23 September 2015, 19:15
Samples of remains of Nicholas II, his wife, Alexander II's clothes samples are taken for new expertise - investigator Solovyov
Moscow, September 23, Interfax - The samples of the remains of Nicholas II and his spouse Alexandra, as well as the samples of the clothes of Emperor Alexander II were taken as part of new genetic tests in the assassination case of the last Russian imperial family in St. Petersburg on Wednesday, senior criminal investigator of the Main Criminal Directorate of the Russian Investigative Committee Vladimir Solovyov, who has investigated the assassination case of the tsarist family told Interfax on Wednesday.
On Wednesday, Solovyov participated in the exhumation of the remains at the Romanovs royal sepulcher in St. Petersburg.
"The samples were taken from the remains of Nicholas II and Alexandra at the Peter and Paul Fortress as well as the samples of Alexander II's clothes," he said.
The DNA samples from other representatives of the Romanov House are yet not planned to take for research, Solovyov said.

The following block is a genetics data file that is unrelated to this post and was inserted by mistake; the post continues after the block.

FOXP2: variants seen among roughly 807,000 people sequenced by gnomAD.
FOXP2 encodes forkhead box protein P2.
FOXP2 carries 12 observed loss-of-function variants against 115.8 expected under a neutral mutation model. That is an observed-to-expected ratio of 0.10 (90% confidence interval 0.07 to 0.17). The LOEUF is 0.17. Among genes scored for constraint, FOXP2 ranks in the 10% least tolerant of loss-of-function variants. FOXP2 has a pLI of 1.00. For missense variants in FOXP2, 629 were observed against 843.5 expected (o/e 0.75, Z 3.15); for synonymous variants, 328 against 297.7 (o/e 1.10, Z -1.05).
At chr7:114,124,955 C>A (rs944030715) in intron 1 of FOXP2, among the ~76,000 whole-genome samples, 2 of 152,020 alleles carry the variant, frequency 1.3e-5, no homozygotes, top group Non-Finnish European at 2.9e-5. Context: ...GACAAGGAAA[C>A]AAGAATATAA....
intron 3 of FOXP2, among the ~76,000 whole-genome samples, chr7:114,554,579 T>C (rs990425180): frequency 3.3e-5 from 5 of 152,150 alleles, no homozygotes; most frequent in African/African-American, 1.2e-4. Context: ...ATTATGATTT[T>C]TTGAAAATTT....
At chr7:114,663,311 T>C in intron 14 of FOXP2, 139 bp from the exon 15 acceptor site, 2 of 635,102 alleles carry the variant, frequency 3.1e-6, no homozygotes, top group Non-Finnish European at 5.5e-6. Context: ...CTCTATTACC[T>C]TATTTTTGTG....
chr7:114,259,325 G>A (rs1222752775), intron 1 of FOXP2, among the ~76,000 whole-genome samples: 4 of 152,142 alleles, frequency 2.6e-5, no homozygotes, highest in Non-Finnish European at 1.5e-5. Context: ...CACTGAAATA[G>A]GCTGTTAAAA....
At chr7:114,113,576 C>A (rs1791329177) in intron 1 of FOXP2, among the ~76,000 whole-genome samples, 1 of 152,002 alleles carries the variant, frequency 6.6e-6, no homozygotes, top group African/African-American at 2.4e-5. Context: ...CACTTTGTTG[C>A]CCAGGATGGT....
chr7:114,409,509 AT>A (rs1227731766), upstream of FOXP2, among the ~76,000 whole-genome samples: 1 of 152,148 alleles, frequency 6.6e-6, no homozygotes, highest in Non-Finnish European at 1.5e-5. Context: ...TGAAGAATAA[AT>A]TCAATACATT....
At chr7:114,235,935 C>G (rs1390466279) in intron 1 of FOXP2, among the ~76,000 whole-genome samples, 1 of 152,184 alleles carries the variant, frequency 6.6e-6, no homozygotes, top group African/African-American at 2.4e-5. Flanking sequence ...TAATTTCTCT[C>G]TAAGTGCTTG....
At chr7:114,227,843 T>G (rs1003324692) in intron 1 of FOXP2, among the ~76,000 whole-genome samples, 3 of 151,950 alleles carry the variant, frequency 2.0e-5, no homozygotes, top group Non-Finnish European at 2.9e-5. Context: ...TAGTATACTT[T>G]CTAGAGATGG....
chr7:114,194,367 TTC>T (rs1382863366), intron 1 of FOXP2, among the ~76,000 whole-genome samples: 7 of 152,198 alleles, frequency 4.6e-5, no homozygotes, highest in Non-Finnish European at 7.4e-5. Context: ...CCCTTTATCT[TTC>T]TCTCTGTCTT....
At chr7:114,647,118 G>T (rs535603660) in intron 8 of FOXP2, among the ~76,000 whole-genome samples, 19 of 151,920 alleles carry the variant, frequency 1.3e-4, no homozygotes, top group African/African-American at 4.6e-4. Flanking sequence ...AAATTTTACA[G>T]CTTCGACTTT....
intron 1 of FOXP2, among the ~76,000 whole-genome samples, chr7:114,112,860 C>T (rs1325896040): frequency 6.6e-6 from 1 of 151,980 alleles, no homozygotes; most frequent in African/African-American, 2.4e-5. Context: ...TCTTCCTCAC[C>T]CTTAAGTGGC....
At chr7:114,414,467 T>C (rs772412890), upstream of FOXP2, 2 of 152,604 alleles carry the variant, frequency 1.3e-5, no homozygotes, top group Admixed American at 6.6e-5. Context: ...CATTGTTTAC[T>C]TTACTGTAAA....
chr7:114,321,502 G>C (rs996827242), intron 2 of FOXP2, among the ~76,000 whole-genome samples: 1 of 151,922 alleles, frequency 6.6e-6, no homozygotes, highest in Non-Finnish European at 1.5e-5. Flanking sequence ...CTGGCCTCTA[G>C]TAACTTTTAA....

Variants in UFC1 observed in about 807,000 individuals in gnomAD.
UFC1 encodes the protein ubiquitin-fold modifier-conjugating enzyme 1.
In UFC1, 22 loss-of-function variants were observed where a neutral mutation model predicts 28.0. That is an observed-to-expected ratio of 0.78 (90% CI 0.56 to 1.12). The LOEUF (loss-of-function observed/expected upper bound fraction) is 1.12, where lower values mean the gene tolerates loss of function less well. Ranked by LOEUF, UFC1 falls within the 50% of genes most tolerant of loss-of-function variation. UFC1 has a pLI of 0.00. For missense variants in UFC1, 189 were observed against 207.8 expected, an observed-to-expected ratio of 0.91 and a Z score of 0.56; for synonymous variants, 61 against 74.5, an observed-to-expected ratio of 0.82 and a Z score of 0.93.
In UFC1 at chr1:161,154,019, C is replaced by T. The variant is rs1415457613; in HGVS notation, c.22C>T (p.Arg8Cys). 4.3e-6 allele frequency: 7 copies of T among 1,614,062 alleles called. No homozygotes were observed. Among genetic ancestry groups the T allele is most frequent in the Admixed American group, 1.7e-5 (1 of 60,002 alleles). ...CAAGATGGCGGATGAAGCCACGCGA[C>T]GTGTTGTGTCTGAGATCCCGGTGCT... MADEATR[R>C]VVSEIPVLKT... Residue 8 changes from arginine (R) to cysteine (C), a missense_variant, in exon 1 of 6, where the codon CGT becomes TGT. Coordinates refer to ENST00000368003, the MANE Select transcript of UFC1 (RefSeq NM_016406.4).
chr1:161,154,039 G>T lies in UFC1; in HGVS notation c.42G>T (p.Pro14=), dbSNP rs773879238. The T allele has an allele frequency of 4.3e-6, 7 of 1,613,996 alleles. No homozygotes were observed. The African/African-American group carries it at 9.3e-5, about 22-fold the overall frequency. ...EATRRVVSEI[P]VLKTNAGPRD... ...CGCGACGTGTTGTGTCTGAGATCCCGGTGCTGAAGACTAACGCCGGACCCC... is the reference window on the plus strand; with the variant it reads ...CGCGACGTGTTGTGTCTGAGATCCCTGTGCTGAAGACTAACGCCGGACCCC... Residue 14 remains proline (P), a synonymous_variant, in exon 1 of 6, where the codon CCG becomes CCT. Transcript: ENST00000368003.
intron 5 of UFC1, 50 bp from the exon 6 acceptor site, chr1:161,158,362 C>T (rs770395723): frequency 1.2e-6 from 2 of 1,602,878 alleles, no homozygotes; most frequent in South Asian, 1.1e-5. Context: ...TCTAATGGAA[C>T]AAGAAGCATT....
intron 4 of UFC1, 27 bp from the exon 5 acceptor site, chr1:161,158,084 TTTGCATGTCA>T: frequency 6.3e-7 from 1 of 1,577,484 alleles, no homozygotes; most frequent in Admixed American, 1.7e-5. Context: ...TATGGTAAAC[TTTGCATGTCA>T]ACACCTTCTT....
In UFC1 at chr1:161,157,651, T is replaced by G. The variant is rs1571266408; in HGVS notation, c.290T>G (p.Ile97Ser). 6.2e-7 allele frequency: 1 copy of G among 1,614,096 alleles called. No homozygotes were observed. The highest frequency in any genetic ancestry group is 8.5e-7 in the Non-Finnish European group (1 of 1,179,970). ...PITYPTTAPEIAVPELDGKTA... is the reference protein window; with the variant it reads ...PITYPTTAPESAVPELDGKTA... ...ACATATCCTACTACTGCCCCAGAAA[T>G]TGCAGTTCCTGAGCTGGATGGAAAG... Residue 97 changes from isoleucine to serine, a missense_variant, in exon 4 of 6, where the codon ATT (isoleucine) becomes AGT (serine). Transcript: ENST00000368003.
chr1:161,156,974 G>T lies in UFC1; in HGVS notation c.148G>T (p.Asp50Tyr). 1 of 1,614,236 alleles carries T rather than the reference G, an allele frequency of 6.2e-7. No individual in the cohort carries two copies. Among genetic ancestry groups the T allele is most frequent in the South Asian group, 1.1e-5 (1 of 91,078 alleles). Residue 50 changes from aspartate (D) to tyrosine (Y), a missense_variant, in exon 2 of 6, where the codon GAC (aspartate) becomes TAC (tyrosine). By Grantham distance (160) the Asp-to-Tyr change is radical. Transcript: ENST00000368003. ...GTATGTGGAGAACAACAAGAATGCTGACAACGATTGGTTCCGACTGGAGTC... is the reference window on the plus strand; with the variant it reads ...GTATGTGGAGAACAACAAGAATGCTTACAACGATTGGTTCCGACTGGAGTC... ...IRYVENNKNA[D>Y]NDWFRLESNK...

"The best specialists in the world are working," Solovyov said.
The whole scope of research will be done in Russia, he said.
A grave with nine bodies was found on Staraya Koptyakovskaya Road near Yekaterinburg in July 1991. The remains were identified as those of Emperor Nicholas II, his 46-year-old wife Alexandra Fyodorovna, their daughters Olga, 22, Tatyana, 21, and Anastasia, 17, and their servants Yevgeny Botkin, 53, Anna Demidova, 40, Aloizy Trupp, 62, and Ivan Kharitonov, 48.
The remains of two more people were discovered during archaeological excavation works 70 kilometers south of the first grave on July 26, 2007. The remains have still not been buried, but numerous expert analyses indicate that the remains were most likely those of Crown Prince Alexey and his sister Maria.
The Investigative Committee said in January 2011 that it had completed an investigation into the death of Nicholas II, his family members and entourage and closed the criminal case.
The Russian Orthodox Church has still not recognized the remains interred in Peter and Paul Cathedral as those of Nicholas II and his family members and entourage, claiming that it was not convinced by the proof of their authenticity that was presented.